May 15, 2006
I just picked up Dog from the kennel and right now she is out in the backyard going criZAZY. They groomed her this morning and must have used a volumizing Dog Shampoo or something because she is a giant flufferpotamus, her coat of fur seems to have tripled in pelt-width and she’s shedding massive tufts all over the yard while she propels herself across the lawn on her back.
Later, the tiny brown birds will come and meticulously pick up all the hairs in their beaks, then fly away to line hidden nests. Aw.
Dog is also very busy snorfling every square inch of the yard because while we were gone this weekend a new hole appeared under the fence, evidence that the sleek bright-eyed rat I saw a few weeks ago has returned, unable to keep away from the birdfeeder Shangri-La hanging from the side of our house. I named this rat Frank, because it sounds nicer than “the rat”, or “the carrier of filth and pestilence”.
JB is not happy about the rat. “Your Frank is back,” JB said with disgust yesterday, kicking at Frank’s tunnel. “Don’t be a hater,” I told him. “Rats. Are. GROSS,” he said, rolling his eyes and getting a shovel.
We disagree on Frank but JB and I are on the exact same page when it comes to other household pests. We were watching the Survivor finale last night (BO-ring; I wanted Cerie to win) when out of the corner of my eye I saw movement on the living room carpet, which I dismissed as being the cat slinking by, until I remembered I had just put her out. I took a closer look and my skin prickled from head to toe; my mouth tried to form the word spider but got sidetracked by the job of gaping open in slackjawed horror.
Here in the Northwest we occasionally encounter something called the Giant House Spider, which is definitely calling a spade a fucking spade. These things are indeed giant, in that they are approximately thirty feet long and have massive hairy legs designed for stepping lightly over large furniture items. Even if you aren’t normally scared of spiders, I guarantee the Giant House variety will put jelly in your knees. These aren’t bugs, they’re genetic mutations coughed up from some unspeakable dark corner of hell, and seeing one on our living room floor threw both JB and I into a full-tilt panic.
“GAH,” I brayed, pointing a shaking finger at the spider, which had frozen into a crouch, probably plotting how many of our eyeballs it could suction out with one fang-thrust. “BUH,” JB responded, leaping to his feet. We dared not take our eyes from it, because the only thing worse than a visible Giant House Spider is one that just ran off to who the fuck knows where, and JB hissed to give him something to kill it with, now. “Like what,” I blubbered, feeling around blindly for a weapon, hopefully a .357 Magnum, “like WHAT, we need to BLOW IT OUT THE AIRLOCK.”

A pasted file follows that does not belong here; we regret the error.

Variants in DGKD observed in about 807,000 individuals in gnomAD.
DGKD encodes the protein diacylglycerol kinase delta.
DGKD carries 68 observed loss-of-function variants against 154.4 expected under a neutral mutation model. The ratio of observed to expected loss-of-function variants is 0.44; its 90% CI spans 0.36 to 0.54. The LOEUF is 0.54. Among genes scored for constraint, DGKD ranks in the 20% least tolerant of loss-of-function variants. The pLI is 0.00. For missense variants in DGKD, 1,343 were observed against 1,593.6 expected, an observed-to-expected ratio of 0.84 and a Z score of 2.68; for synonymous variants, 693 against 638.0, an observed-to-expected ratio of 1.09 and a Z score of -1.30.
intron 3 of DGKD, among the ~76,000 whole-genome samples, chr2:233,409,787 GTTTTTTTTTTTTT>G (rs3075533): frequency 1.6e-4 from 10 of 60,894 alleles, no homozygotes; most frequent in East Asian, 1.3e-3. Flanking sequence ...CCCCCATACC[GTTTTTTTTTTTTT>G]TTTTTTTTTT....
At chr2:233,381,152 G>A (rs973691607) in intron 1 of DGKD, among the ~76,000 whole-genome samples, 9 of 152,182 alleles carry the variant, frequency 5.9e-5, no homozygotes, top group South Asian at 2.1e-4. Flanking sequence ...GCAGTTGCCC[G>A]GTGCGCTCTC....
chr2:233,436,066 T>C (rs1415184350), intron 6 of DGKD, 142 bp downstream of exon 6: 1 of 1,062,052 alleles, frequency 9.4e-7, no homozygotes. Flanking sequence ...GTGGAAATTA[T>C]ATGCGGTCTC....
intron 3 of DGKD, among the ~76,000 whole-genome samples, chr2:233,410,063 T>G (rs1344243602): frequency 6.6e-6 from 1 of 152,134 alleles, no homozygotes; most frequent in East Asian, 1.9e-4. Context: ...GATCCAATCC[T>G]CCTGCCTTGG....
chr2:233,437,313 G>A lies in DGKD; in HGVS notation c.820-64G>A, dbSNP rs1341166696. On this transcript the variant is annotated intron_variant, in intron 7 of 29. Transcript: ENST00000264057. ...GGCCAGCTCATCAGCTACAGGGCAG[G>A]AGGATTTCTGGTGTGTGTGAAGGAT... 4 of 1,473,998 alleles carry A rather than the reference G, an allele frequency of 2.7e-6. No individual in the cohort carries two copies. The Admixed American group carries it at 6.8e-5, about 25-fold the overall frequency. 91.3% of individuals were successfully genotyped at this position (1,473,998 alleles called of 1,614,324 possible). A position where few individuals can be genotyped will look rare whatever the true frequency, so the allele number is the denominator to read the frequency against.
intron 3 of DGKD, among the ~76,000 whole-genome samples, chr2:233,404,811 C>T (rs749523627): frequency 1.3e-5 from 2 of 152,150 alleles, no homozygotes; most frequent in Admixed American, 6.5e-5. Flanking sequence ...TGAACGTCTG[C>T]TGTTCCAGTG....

Thank god for JB, because I couldn’t have gotten near enough to the G.H.S. to kill it, even if I had a nice long pole with a flamethrower attached to the end. JB managed to whack it with a rolled-up copy of Popular Science, bellowing forth a
horrified squeak manly battle cry as he did so. I tried to photograph the remains, but even adjusting the lens to zoom in on it was too psychologically damaging and what the hell, anyway, am I going to post that godawful shit on Flickr?
I hope this arachnid was an anomaly, possibly on the run from Frank, because the idea that there’s a Mrs. G.H.S. sitting around somewhere, tapping her eight creepy-ass legs, wondering where the Mr. is and who’s going to help take care of all these eggs…
Okay! Now that I’ve gone and worked myself into a pretty nice case of the heebs, I think I’ll take the boy and join Dog outside. Would you like to come visit? It’s a lovely afternoon, and I could make iced tea, and there’s really only a few rats and spiders.
Wait, where are you going?